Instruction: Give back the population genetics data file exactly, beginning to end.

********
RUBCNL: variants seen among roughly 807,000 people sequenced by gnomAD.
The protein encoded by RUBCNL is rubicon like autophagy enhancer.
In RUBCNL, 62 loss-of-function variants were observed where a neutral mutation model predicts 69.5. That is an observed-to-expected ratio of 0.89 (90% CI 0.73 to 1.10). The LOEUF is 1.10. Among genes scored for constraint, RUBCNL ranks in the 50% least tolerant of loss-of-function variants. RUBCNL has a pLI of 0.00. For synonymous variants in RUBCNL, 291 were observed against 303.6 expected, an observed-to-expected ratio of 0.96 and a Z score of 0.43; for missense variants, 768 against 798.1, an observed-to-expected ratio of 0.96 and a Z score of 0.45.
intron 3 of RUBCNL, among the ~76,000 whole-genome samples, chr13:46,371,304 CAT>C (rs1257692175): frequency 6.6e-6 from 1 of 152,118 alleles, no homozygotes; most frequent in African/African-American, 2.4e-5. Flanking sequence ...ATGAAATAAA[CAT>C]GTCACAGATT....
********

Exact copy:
RUBCNL: variants seen among roughly 807,000 people sequenced by gnomAD.
The protein encoded by RUBCNL is rubicon like autophagy enhancer.
In RUBCNL, 62 loss-of-function variants were observed where a neutral mutation model predicts 69.5. That is an observed-to-expected ratio of 0.89 (90% CI 0.73 to 1.10). The LOEUF is 1.10. Among genes scored for constraint, RUBCNL ranks in the 50% least tolerant of loss-of-function variants. RUBCNL has a pLI of 0.00. For synonymous variants in RUBCNL, 291 were observed against 303.6 expected, an observed-to-expected ratio of 0.96 and a Z score of 0.43; for missense variants, 768 against 798.1, an observed-to-expected ratio of 0.96 and a Z score of 0.45.
intron 3 of RUBCNL, among the ~76,000 whole-genome samples, chr13:46,371,304 CAT>C (rs1257692175): frequency 6.6e-6 from 1 of 152,118 alleles, no homozygotes; most frequent in African/African-American, 2.4e-5. Flanking sequence ...ATGAAATAAA[CAT>C]GTCACAGATT....